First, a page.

A senior living expert has launched the first national website providing a one-stop directory of information for retirees interested in senior living communities associated with higher education institutions.

UniversityRetirementCommunities.com is the brainchild of Andrew Carle, a former senior living executive and lead instructor for the graduate concentration in senior living administration at Georgetown University.

The website provides a comprehensive list of the university retirement communities, or URCs, in the country, with information on the history, services and costs of those communities. Carle said the goal of the site is to provide a one-stop directory and information resource for consumers, a membership resource site for academic institutions and senior living providers, and a certification program.

“Boomers represent the most highly educated retirement demographic in history, and they are seeking active, intellectually stimulating and intergenerational retirement environments — with strong ties to their alma mater or opportunities for lifelong learning,” Carle said, calling URCs the “fastest growing sector” of senior living. “This is what they want, and the senior living industry should be paying attention to that.”

An idea takes root

In 2006, Carle used a family vacation to visit retirement communities across the country associated with academic institutions — Stanford, Iowa State, Penn State, Duke, Indiana University and the University of Florida, to name a few. Back then, he said, it became apparent that a “next generation” model of senior living was primed to be the perfect fit for an aging boomer population.

The concept, however, was undefined and “all over the place” in terms of what was offered and how it worked, he said. Looking to define and refine a URC model, Carle created five criteria to better define the model based on the attributes sought by most retirees and the attributes that lead to long-term operational success for both senior living communities and academic institutions. 

The new website provides resources for academic institutions, alumni associations and providers interested in developing a URC, including links to organizations providing consulting, feasibility studies, development, architectural and interior design, and operations management.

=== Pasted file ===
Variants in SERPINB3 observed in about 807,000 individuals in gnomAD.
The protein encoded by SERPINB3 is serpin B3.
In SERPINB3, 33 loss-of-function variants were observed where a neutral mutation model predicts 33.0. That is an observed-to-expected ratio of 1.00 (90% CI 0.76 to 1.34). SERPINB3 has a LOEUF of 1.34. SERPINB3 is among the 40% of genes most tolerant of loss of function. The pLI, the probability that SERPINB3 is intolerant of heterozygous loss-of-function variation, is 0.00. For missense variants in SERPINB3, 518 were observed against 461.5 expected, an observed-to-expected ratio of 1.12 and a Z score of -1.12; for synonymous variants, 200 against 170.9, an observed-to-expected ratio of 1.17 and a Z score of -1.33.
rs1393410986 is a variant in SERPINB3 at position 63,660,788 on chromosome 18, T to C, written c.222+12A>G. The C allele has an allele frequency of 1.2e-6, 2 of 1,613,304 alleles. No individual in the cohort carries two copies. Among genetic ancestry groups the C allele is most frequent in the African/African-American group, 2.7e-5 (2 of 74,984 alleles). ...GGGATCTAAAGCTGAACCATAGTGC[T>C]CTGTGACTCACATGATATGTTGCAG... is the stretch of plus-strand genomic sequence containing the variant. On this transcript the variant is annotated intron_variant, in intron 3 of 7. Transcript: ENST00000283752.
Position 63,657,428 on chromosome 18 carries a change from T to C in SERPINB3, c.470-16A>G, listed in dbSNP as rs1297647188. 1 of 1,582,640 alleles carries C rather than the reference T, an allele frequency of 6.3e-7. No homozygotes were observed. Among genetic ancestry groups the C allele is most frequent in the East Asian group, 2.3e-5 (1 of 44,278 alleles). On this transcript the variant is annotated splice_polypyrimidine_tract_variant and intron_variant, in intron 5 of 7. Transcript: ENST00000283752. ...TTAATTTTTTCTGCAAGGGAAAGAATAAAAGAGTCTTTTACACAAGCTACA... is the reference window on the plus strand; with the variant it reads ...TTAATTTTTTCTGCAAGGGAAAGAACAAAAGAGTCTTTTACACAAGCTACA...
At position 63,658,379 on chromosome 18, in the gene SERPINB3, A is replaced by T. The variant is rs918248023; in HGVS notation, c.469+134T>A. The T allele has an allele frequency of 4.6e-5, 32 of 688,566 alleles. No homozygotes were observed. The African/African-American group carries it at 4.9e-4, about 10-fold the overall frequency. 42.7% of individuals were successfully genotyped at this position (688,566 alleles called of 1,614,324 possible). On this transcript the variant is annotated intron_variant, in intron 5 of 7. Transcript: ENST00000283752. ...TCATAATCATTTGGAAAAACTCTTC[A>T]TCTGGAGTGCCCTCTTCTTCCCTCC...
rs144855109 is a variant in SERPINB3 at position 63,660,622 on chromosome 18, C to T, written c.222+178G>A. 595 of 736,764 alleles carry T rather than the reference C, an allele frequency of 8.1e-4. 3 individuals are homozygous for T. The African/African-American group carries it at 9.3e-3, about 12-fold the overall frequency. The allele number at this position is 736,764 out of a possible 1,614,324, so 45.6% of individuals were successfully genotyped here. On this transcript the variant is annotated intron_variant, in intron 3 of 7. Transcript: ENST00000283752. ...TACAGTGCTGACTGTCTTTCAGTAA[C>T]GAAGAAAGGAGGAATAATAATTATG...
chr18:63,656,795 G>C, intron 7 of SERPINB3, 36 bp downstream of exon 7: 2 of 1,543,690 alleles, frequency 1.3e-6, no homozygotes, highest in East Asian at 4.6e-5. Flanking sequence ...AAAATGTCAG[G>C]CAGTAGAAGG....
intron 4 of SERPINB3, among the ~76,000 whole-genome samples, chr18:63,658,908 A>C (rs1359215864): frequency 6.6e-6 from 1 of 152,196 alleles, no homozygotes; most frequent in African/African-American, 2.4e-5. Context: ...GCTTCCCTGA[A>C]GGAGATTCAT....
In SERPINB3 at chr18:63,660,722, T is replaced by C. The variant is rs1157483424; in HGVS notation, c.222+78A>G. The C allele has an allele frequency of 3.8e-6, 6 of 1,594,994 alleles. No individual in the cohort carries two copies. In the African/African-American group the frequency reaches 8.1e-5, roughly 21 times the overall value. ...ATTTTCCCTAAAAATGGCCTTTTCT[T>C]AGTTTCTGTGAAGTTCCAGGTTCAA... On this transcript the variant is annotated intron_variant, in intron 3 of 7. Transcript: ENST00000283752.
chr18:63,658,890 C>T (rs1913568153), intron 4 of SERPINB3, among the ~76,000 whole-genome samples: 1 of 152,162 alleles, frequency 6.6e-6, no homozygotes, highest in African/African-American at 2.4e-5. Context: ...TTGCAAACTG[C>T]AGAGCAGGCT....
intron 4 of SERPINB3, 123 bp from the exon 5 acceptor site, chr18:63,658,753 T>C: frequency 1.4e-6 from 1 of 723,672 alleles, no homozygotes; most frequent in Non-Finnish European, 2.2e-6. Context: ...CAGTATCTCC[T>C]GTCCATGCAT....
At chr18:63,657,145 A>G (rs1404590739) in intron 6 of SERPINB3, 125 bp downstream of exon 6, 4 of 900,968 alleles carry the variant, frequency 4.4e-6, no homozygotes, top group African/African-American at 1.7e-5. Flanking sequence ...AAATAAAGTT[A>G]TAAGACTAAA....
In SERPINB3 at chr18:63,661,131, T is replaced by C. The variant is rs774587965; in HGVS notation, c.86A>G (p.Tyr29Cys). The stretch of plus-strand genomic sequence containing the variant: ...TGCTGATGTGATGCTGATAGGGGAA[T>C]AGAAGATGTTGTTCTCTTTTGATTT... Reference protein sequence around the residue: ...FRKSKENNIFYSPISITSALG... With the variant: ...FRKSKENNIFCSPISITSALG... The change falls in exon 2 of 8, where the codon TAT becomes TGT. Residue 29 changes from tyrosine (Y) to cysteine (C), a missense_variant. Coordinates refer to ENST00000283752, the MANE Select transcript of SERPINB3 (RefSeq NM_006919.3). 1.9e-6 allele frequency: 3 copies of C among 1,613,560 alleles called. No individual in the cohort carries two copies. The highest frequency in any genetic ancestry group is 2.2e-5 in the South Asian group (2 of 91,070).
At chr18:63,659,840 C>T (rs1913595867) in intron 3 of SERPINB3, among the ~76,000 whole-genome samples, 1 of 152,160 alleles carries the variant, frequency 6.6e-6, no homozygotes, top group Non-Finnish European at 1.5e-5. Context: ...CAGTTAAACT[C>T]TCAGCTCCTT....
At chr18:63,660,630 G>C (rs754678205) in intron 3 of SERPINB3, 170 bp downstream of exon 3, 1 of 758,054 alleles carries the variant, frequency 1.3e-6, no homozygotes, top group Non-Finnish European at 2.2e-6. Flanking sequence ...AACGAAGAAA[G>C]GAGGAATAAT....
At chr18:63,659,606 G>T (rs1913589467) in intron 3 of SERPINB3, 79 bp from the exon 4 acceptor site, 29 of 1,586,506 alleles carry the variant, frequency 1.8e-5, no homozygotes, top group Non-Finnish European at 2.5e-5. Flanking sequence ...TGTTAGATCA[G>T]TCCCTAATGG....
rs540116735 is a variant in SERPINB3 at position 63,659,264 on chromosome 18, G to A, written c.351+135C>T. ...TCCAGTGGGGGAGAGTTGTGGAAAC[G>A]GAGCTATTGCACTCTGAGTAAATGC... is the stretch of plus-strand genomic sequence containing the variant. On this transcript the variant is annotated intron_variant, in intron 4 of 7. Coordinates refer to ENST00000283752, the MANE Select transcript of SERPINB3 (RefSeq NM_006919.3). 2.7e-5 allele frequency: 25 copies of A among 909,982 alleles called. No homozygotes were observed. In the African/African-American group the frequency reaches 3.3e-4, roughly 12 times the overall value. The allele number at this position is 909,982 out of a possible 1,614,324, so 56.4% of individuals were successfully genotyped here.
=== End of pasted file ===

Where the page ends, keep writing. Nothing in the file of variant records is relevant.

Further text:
“There are more than 2,800 four-year academic institutions in the United States and nearly 10,000 baby boomers turning 65-plus each day,” Carle said. “We want UniveristyRetirementCommunities.com to be the No. 1 source for information, resources and certification for this rapidly growing retirement and senior living option.”

Using certification as a differentiator

Carle, who previously served as senior consultant-health intelligence for JD Power and Associates in creating its national senior living community program, is writing requirements for certification now and plans to officially launch the certification aspect of the program next year. 

Voluntary certification will be based on documentation of criteria eligibility and one-day site visits. The criteria:

  • Proximity — Senior living communities should be located within one mile of a host academic institution to ensure easy access for residents, students, faculty and staff members.
  • Continuum of services — Communities should offer the full continuum of independent living, assisted living, memory care and skilled nursing services, allowing residents to stay as their service and care level needs increase.
  • Programming — Communities and academic institutions must define resident benefits and access, internship structures and related learning opportunities for students.
  • Formalized business relationships — Land leases, licensing agreements, medical- and health-related contract services, and other services establishing mutual interest in the long-term success of the community must be in place.
  • Resident ties — A resident population must include at least a 10% mix of academic institution alumni, retired faculty or staff members to establish the university culture as a component of community life.

Only communities meeting all five criteria can be certified as a university based retirement communities, or UBRCs, whereas those meeting three to four criteria will be known as university linked retirement communities, or ULRCs. Those meeting one or two criteria will be labeled university affiliated retirement communities, or UARCs.

Certification, which is valid for three years, will include a top-tier listing on the website and a variety of marketing materials. 

Carle said that certification will offer communities a level of differentiation, with opportunities for those below UBRC status to move up, as well as a road map for retirement communities that are being planned. The road map also can help communities interested in becoming a URC circumvent the typical barriers to success, namely the slow-moving bureaucracy that comes with partnering with an academic institution, he said.

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